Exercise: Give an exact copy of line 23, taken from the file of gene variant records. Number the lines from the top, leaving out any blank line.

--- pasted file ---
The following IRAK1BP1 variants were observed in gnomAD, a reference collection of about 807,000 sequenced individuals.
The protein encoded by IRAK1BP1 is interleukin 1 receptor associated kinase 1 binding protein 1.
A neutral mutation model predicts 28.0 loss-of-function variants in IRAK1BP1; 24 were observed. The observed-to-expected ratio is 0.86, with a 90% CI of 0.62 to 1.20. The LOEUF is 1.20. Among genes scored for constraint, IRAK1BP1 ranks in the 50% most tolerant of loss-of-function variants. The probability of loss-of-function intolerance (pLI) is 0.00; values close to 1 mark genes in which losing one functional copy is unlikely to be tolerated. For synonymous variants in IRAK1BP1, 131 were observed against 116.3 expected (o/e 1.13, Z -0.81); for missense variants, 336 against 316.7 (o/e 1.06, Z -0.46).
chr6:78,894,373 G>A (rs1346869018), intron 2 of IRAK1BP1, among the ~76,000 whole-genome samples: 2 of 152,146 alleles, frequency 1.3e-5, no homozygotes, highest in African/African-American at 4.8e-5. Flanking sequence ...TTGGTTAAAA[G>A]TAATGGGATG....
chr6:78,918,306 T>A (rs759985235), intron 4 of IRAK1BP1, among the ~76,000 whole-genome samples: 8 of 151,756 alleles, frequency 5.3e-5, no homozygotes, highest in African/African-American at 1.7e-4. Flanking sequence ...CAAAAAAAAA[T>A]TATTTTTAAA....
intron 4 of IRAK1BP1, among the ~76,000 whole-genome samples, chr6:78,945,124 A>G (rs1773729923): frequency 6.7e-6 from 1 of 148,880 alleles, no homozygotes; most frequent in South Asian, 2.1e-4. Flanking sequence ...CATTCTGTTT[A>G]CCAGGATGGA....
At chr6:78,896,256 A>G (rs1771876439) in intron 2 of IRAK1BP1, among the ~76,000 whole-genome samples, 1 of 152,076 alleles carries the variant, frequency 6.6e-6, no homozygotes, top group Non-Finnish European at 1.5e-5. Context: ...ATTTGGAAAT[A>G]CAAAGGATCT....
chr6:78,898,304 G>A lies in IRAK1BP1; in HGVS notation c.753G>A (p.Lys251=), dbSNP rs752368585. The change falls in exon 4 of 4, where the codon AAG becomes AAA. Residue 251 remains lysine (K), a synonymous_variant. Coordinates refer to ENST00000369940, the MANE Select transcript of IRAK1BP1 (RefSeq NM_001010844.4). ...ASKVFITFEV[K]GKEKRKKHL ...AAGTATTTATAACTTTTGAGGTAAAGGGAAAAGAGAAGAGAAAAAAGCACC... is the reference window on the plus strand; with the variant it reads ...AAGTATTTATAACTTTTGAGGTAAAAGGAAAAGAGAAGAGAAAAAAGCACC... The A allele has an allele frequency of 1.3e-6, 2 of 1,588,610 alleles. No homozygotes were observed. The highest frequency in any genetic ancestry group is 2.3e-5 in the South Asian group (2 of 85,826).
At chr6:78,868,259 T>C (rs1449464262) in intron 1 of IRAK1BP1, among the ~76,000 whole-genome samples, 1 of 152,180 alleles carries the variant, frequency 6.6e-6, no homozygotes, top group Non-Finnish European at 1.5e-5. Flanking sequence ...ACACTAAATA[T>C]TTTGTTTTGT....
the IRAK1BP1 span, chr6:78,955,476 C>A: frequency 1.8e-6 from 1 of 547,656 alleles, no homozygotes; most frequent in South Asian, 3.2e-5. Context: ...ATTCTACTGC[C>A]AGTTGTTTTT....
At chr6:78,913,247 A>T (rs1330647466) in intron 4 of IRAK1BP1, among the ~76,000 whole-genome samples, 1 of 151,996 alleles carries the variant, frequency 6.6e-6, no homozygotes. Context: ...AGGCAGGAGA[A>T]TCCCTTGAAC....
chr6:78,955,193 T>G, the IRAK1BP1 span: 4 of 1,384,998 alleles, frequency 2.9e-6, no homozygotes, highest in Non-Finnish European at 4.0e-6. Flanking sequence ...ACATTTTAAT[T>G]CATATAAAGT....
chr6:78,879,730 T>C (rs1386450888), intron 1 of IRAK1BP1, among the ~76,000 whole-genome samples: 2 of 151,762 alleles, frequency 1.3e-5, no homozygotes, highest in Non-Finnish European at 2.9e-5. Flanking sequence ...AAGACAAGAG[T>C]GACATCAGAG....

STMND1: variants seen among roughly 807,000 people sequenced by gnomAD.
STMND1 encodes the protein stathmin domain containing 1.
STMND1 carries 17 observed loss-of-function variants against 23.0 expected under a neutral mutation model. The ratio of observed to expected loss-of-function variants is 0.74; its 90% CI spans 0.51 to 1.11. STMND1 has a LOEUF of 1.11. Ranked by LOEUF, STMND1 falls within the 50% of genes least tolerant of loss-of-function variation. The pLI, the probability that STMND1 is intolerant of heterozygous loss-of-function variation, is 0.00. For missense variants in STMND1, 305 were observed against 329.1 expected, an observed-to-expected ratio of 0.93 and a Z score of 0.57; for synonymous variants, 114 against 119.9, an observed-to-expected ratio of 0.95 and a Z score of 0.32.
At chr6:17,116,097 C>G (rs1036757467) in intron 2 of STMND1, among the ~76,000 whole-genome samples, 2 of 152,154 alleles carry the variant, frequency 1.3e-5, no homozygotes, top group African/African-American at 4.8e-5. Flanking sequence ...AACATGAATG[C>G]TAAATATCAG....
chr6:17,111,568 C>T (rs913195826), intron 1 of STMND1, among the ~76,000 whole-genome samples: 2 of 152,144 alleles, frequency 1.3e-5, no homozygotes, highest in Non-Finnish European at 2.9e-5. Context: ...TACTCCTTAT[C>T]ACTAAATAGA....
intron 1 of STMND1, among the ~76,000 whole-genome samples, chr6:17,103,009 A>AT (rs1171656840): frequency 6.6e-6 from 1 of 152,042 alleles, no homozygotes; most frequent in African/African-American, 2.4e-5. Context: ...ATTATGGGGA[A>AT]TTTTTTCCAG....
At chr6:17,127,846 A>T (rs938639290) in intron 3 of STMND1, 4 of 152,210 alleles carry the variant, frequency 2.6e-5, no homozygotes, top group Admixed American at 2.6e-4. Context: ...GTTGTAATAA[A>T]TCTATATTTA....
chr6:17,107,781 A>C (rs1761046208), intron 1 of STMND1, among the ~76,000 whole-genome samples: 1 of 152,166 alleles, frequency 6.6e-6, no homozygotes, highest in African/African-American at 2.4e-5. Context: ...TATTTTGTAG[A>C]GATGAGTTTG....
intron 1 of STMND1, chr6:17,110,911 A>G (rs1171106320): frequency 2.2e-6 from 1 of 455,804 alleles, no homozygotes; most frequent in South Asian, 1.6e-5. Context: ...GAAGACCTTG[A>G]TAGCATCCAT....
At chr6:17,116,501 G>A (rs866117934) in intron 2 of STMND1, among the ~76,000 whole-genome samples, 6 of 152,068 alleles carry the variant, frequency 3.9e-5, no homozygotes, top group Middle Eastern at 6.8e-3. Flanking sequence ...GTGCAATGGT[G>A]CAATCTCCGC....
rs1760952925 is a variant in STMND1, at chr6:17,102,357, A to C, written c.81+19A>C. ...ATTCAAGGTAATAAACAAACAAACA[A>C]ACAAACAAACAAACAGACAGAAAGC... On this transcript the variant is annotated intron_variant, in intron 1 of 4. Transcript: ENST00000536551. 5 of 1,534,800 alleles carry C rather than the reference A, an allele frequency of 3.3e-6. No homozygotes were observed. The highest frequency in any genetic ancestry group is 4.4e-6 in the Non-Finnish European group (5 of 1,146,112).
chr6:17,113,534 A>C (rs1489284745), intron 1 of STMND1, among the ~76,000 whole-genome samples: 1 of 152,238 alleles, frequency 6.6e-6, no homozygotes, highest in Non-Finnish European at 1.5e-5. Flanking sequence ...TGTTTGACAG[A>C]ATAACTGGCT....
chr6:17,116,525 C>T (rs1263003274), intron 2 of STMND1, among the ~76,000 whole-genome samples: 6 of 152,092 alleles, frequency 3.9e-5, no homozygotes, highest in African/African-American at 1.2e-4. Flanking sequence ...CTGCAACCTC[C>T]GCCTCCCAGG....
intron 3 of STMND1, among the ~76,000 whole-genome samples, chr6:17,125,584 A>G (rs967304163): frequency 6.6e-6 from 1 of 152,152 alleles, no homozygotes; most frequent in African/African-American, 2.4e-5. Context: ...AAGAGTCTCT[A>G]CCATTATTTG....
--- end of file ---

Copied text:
At chr6:17,116,501 G>A (rs866117934) in intron 2 of STMND1, among the ~76,000 whole-genome samples, 6 of 152,068 alleles carry the variant, frequency 3.9e-5, no homozygotes, top group Middle Eastern at 6.8e-3. Flanking sequence ...GTGCAATGGT[G>A]CAATCTCCGC....